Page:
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Fig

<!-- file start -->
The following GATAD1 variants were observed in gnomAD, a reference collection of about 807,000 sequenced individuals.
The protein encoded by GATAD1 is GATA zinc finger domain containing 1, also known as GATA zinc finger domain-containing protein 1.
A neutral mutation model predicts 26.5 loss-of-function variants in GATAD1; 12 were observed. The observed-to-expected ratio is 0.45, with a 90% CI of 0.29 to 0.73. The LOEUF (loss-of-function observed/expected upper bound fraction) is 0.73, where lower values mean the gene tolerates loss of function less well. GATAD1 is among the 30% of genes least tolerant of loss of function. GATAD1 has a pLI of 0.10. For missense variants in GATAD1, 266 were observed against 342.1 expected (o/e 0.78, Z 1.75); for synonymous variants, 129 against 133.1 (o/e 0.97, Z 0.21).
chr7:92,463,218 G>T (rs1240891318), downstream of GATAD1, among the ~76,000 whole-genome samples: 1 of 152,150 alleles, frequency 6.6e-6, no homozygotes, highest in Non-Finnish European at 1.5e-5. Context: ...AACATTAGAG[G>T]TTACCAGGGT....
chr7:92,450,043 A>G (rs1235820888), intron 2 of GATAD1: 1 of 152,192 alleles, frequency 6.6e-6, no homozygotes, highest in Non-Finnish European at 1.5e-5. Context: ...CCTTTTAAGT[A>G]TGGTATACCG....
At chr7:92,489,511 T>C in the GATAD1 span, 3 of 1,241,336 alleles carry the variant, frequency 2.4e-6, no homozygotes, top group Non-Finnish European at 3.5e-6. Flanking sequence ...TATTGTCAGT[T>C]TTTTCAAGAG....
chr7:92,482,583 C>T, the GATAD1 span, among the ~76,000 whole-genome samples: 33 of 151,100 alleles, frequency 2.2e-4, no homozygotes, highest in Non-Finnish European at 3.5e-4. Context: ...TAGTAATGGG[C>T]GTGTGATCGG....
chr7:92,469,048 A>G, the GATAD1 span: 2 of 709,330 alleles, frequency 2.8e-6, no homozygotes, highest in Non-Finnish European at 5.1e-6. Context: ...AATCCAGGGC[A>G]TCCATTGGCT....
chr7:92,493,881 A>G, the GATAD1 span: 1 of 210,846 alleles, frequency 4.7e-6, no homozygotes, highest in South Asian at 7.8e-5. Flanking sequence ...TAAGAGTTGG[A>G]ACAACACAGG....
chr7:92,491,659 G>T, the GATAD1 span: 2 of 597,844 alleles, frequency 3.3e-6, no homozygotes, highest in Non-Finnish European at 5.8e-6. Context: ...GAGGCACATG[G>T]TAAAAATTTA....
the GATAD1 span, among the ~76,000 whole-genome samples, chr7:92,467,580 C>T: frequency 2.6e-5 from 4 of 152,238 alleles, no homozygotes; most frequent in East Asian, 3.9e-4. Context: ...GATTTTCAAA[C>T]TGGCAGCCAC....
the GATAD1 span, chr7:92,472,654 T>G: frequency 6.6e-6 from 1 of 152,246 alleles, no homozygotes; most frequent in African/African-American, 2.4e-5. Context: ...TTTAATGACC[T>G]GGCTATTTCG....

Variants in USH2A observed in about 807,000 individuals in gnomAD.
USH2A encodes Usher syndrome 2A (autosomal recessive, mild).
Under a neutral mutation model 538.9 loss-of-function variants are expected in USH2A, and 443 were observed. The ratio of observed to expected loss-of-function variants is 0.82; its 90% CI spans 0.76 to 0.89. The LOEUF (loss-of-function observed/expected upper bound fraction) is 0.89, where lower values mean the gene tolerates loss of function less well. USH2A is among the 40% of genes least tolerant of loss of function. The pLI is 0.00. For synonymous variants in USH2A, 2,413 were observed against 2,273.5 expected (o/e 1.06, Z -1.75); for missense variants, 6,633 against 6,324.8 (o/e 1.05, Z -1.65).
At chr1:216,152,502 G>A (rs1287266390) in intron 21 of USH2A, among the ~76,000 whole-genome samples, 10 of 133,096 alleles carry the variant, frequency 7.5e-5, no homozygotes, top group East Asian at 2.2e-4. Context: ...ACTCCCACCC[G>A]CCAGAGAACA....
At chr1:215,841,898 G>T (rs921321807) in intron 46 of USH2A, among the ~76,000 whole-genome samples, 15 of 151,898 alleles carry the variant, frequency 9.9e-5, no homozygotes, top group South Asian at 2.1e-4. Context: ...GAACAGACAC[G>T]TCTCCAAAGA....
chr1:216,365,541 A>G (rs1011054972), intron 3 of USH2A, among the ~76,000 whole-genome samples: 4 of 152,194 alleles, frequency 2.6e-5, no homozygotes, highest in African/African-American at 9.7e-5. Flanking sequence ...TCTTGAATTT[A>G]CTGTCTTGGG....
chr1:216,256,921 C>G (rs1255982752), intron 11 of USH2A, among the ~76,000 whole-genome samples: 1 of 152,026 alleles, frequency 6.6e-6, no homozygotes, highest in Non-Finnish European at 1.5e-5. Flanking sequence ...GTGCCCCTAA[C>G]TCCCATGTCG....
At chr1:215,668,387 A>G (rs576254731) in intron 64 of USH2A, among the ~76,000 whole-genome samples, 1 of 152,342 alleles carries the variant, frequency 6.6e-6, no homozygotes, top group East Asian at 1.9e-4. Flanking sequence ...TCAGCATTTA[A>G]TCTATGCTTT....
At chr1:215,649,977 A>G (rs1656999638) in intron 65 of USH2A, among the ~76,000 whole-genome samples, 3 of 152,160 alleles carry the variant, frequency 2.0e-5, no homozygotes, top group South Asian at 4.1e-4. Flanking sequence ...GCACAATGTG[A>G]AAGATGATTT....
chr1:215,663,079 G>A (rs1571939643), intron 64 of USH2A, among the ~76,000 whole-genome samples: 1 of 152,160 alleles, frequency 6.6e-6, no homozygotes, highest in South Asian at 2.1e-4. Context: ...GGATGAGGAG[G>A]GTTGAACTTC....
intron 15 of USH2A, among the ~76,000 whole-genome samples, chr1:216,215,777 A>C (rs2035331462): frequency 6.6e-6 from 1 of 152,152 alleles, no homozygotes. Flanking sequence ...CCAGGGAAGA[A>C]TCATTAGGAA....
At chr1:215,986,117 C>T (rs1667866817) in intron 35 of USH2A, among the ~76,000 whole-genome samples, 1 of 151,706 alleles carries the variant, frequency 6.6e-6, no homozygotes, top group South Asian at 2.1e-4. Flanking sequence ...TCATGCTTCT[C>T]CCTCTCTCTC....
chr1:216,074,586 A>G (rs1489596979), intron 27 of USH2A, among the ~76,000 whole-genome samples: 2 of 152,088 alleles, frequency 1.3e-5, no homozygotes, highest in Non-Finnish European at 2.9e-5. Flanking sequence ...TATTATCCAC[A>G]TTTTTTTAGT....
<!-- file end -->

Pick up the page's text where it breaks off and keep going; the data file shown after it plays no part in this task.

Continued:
A small, soft, pear–shaped fruit with a sweet pulpy flesh full of tiny edible seeds. The fig probably originated in the Middle East and is one of the most ancient of cultivated plants, playing an important part in ancient mythology. Fig leaves were mentioned in the Bible story of Adam and Eve and they were regarded by the Greeks as a symbol of fertility. Figs were recorded as growing in the Hanging Gardens of Babylon, where they were covered with hot sand to dry and preserve them. High in sugar, figs were originally used as a sweetener for food. There are over a hundred varieties of figs, and these vary in colour from pale green and golden yellow to brown, red or purple. Some of the varieties of fig include the Caprifig, Smyrna, San Pedro and Common fig. Figs are available fresh, dried, in syrup and in olive oil. When buying fresh figs, select firm, unblemished fruit that yield to gentle pressure. Peel the fruit (some thin–skinned varieties may be eaten with their skins on), cut off the stems and eat raw; slice and add to a cheeseboard or fruit salad; or lightly poach them. As an antipasto, figs may be wrapped in a slice of prosciutto or filled with cream cheese. Because they are highly perishable, they are often dried or crystallized/candied. These are much sweeter than fresh, and can be eaten as a snack or added to cakes, puddings or compotes.